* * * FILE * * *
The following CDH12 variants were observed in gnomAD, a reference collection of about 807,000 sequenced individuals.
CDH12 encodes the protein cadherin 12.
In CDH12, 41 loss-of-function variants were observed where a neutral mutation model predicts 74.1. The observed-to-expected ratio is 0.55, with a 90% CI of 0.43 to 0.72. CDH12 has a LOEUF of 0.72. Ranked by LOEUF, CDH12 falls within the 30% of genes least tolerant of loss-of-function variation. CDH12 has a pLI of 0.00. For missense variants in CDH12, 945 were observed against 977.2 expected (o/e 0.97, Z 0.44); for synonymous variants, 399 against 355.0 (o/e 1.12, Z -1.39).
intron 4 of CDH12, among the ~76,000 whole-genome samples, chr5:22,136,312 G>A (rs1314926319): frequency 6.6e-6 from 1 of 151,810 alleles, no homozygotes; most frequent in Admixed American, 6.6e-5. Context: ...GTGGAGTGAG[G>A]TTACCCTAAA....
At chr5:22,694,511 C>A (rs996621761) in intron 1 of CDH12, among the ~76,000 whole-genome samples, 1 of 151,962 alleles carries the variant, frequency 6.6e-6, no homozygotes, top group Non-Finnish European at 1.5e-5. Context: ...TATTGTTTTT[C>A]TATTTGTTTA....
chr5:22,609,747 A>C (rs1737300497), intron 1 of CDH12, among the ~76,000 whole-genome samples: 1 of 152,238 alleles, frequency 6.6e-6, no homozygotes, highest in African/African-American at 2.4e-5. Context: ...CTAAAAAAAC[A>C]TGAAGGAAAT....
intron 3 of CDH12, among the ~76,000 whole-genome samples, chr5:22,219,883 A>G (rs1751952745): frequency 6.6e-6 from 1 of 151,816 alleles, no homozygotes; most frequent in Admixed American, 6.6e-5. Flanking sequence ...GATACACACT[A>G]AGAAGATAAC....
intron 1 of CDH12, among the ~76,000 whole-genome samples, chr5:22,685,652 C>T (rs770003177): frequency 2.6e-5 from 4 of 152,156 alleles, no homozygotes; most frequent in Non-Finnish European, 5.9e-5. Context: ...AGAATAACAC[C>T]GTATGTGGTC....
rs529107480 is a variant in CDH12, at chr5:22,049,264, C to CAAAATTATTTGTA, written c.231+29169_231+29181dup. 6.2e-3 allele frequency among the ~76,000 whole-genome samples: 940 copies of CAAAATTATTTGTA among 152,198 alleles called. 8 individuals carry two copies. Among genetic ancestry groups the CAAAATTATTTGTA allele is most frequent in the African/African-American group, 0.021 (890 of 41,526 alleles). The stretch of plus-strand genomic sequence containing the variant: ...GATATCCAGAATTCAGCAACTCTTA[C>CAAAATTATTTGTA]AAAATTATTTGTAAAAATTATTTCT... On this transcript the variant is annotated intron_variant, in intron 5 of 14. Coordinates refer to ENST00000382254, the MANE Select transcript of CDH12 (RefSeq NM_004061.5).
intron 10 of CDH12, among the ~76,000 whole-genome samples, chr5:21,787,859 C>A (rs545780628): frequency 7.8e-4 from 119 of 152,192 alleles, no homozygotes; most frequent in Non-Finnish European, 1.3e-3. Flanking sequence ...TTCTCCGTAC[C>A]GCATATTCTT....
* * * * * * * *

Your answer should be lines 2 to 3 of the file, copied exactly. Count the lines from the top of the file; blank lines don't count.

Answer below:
CDH12 encodes the protein cadherin 12.
In CDH12, 41 loss-of-function variants were observed where a neutral mutation model predicts 74.1. The observed-to-expected ratio is 0.55, with a 90% CI of 0.43 to 0.72. CDH12 has a LOEUF of 0.72. Ranked by LOEUF, CDH12 falls within the 30% of genes least tolerant of loss-of-function variation. CDH12 has a pLI of 0.00. For missense variants in CDH12, 945 were observed against 977.2 expected (o/e 0.97, Z 0.44); for synonymous variants, 399 against 355.0 (o/e 1.12, Z -1.39).